Don't search for a complete match of Your project. It doesn't exist. Search for part solutions that You can use.

hi popcalent,
to amuse myself a long time ago, I made this shock detector (vibration) for a house door: when someone knocked on the door (more than 2 times), a sound signal was sent further in the house. My main objective was the reduced consumption, the circuit was powered by a 9 Volts LR9 battery, and should last several months. It could also have been used as a low consumption intruder alarm. I like everything that is low-power, and at the time, I could not find any sensor of very low consumption (I have the impression that today too?)

I used a piezo sensor, with a small weight to increase the sensitivity (you can't see the second electrical connection on the other side of the piezo, it's a thin copper wire like a hair that comes back on the circuit).

The circuit uses 2 NAND gates mounted in flip-flop, with 2 signals : in (B), you should put in a transistor that will activate your ATTiny85, and the activation of (A) by the ATTiny85 cuts its power supply (you have to filter this part, so that the atiny that wakes up doesn't stop the process, while its pins are in transistory states)

The circuit is extremely sensitive ! and its standby consumption is so low that it is not measurable with standard devices, lower than the natural wear of the battery.

Hi PatMax,

Thanks for sharing. I'll try implementing it. I also ordered some micro-switches and I'll try that too. However, I thought of a case that will ruin my plans. When business mail is shoved into the mailbox in a way that sticks out and keeps the slot door open. That would keep the circuit on and eventually drain the battery. I'm considering using a vibration switch. I've never used one before, but I imagine it's not the same as a vibration sensor. I guess it stays open and it closes with a vibration until the vibration is over. Am I right?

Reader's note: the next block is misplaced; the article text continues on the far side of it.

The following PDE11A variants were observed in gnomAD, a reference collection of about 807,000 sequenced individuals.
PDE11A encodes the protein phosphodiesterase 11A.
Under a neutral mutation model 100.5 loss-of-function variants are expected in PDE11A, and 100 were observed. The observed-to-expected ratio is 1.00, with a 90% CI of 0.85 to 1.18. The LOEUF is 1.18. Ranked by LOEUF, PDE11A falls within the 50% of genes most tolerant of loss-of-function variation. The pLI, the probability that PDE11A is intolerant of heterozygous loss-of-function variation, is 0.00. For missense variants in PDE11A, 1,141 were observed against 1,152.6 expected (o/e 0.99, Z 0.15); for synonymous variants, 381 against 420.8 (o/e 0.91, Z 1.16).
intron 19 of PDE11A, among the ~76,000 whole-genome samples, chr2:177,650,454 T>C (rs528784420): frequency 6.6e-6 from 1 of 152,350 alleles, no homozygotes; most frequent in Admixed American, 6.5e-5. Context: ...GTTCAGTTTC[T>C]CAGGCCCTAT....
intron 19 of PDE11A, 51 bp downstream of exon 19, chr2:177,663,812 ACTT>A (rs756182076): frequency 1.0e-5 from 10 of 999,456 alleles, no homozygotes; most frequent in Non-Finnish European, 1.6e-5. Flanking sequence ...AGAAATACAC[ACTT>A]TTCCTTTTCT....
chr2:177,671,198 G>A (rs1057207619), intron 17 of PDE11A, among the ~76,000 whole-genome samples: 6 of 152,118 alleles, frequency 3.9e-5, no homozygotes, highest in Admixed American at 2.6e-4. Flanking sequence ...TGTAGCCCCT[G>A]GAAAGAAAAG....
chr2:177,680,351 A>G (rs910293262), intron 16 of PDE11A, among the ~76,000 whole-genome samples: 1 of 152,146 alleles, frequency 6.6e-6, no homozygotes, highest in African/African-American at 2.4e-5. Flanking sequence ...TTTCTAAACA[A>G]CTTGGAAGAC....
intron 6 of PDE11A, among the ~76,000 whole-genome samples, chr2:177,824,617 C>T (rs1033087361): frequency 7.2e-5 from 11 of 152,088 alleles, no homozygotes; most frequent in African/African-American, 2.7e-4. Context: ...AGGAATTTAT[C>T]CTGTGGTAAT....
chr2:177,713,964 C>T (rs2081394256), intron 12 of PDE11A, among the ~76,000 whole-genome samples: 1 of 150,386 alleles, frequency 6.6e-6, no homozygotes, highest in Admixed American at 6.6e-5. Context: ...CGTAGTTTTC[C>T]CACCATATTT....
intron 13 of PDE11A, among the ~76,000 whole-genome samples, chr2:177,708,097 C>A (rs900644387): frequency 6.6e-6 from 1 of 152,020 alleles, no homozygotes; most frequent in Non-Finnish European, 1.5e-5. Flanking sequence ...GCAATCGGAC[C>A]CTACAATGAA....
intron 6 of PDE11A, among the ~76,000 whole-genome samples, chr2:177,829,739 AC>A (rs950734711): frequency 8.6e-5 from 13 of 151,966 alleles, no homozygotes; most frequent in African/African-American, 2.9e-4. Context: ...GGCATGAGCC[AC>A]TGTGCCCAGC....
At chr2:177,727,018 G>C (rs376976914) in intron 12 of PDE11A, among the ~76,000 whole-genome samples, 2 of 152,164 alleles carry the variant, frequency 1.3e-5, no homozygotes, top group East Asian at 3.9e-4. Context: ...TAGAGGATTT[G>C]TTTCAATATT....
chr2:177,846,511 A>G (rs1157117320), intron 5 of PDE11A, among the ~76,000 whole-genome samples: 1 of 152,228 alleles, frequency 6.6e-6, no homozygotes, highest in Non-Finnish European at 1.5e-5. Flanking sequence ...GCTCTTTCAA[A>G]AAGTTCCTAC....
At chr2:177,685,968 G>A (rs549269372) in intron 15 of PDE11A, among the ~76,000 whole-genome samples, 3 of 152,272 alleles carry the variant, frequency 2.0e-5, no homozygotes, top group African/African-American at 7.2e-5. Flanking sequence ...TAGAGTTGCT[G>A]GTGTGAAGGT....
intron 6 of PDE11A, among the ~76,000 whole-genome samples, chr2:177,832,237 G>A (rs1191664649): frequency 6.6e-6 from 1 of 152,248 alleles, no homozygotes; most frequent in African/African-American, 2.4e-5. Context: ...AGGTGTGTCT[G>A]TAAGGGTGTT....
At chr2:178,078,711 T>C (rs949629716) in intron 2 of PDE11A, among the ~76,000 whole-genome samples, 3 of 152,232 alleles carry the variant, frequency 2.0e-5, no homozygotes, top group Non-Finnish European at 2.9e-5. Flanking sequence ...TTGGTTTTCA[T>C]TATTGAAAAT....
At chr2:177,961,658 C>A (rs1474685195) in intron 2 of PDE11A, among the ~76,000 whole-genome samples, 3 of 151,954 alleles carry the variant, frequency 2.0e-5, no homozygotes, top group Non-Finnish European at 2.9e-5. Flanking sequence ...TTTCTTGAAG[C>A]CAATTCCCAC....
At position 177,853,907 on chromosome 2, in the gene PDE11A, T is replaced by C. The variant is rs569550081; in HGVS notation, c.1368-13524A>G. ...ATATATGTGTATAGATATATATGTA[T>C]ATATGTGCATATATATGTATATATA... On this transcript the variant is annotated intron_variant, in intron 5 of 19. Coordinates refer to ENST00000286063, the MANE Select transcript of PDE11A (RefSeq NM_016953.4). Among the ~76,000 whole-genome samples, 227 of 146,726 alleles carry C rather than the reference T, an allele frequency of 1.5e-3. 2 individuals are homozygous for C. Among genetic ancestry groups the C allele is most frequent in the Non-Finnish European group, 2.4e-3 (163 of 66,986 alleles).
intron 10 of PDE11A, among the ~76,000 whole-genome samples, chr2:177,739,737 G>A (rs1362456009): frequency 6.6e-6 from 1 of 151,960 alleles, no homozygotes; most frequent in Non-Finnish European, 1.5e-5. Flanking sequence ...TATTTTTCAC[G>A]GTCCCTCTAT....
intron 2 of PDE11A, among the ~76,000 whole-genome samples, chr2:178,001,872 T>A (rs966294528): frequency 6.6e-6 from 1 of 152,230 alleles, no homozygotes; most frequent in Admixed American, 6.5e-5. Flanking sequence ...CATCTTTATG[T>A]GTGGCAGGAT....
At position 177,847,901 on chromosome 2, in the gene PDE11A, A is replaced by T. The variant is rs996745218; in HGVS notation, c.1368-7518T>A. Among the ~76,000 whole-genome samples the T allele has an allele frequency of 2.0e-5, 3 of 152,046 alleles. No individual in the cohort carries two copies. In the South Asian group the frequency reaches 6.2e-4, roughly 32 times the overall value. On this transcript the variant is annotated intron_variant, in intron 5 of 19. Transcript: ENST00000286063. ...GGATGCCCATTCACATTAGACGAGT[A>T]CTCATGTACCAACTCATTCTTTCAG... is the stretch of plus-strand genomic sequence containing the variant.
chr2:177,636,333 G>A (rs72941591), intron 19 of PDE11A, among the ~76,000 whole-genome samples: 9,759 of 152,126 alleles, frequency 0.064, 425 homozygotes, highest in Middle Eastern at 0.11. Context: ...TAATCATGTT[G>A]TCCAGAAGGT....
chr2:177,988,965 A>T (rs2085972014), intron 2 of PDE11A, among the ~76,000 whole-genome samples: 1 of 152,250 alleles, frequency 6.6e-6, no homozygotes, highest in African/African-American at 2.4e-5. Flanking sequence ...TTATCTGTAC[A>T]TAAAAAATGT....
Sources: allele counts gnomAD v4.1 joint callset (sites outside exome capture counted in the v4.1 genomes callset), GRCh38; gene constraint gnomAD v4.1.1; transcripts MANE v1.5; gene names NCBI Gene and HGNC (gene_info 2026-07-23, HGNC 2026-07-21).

For a switch google “ wobble switch” these work over a range of angles and need no power .

A mercury tilt switch would be the most reliable and importantly, weatherproof.
Aliexpress.

But - are you not using a microprocessor?

It can turn itself off again, and if you are using INPUT_PULLUP or switching a lower value pullup from another pin, there need be no drain except for occasional timeouts to check the switch.

[quote="popcalent, post:10, topic:884951"]
Am I right? [/quote]
You are !
But I kind of forgot about all the possible variations of vibration sensors or switches... it seems to me that there should be a vibration switch, but I'm afraid that it runs on permanent power, which would not be well suited for your project. It's complicated the technique! even a mailbox detector, it's a lot of choices and tests to make :wink:

@hammy
Thanks for your reply. These seem a little bit expensive, though.

@Paul_B
Thanks! I'll order those! Yes, I'm using a micro controller. I'm not sure about how much current is drawn if I put it to sleep, though.

@PatMax
Great, thanks! I've seen modules with three pins (Vcc, Gnd, Out) and single devices with two pins. I imagine the former run on permanent power, and the latter are the ones that work as a switch. Someone recommended me this one.

This is another option I found: a magnetic sensor contact for doors that is normally open.